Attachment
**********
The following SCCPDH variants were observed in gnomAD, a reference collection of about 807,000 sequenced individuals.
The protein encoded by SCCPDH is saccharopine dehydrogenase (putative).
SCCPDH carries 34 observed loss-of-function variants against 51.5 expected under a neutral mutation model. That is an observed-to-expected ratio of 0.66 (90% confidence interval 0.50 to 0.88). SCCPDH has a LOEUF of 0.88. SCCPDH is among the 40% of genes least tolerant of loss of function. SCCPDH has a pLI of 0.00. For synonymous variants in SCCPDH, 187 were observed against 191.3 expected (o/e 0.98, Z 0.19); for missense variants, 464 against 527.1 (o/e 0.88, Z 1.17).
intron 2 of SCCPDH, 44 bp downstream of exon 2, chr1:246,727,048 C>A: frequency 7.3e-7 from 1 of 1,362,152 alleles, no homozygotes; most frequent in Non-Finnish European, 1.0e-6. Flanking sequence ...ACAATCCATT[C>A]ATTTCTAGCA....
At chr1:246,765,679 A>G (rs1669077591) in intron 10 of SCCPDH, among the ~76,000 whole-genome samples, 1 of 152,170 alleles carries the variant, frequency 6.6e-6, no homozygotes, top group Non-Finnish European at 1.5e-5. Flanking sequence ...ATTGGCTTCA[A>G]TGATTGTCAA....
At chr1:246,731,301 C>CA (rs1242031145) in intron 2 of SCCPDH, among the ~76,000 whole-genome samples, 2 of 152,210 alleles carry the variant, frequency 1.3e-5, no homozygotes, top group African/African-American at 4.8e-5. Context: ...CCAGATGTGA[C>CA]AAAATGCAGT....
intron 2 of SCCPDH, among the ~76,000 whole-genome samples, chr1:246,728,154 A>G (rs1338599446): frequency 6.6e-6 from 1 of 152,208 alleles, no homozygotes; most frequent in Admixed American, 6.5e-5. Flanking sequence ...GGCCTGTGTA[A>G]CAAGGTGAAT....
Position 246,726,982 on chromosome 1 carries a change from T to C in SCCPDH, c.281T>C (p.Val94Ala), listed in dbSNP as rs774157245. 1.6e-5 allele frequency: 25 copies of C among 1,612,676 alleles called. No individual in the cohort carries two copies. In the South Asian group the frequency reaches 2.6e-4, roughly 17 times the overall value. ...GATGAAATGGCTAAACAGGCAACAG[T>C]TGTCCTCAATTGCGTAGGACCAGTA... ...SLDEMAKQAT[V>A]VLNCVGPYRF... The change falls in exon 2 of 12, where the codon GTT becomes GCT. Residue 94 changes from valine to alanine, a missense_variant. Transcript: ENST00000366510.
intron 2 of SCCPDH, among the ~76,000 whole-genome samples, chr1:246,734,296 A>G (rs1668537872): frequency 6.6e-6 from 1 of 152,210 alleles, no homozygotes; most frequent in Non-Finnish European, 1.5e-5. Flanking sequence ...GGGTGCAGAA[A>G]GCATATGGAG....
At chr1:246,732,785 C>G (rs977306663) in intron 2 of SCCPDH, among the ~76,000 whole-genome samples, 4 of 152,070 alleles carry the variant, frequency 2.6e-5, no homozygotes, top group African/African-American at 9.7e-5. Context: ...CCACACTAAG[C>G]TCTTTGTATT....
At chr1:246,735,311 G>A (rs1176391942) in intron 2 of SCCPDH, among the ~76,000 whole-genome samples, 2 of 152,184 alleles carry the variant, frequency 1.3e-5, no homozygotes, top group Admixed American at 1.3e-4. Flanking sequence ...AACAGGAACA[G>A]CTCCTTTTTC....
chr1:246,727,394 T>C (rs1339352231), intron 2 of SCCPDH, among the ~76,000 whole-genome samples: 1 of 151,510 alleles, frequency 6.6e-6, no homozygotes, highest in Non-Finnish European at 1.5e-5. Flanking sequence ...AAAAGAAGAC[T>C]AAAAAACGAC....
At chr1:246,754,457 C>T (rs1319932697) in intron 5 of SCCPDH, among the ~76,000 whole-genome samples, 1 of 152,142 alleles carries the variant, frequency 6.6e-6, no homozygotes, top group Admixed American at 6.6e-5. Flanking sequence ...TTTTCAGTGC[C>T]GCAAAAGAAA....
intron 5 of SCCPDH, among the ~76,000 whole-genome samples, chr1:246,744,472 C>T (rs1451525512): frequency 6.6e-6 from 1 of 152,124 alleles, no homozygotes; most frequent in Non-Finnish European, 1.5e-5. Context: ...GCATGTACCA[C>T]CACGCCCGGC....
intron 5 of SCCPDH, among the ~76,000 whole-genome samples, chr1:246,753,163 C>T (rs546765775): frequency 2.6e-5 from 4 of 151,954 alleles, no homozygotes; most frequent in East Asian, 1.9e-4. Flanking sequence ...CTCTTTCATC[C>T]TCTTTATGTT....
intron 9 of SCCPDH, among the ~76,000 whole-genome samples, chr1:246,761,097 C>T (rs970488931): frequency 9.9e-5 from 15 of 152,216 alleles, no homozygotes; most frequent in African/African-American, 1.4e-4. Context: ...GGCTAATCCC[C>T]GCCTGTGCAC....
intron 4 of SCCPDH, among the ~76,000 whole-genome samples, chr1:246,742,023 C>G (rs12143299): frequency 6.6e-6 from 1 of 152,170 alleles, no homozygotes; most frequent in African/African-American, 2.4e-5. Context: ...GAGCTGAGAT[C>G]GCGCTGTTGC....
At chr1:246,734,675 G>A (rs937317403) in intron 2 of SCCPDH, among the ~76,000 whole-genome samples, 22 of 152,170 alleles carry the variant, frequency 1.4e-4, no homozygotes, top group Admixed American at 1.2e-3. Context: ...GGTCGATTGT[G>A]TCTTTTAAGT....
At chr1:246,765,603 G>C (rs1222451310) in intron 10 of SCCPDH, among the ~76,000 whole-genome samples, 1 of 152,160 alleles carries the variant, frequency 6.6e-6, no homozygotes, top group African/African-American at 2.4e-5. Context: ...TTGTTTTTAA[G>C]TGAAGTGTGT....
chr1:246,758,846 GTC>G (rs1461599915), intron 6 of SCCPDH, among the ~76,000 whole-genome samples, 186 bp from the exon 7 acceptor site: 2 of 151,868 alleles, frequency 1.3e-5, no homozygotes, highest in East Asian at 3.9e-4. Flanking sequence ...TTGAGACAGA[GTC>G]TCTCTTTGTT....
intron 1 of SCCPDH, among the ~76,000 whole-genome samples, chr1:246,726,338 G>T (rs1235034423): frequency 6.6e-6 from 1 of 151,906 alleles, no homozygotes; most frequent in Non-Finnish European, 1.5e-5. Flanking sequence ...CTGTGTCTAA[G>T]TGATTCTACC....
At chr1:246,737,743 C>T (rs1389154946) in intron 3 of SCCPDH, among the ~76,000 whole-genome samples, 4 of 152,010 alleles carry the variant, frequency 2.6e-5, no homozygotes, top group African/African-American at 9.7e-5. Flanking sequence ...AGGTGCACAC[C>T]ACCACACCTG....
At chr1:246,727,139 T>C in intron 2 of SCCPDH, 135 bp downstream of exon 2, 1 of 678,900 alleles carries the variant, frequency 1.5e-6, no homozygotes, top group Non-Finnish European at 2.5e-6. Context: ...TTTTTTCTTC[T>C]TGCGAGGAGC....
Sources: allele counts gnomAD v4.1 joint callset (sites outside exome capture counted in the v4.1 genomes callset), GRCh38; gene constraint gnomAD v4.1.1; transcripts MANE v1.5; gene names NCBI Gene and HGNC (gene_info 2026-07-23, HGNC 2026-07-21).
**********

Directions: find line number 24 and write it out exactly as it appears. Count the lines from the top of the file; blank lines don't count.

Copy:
Sources: allele counts gnomAD v4.1 joint callset (sites outside exome capture counted in the v4.1 genomes callset), GRCh38; gene constraint gnomAD v4.1.1; transcripts MANE v1.5; gene names NCBI Gene and HGNC (gene_info 2026-07-23, HGNC 2026-07-21).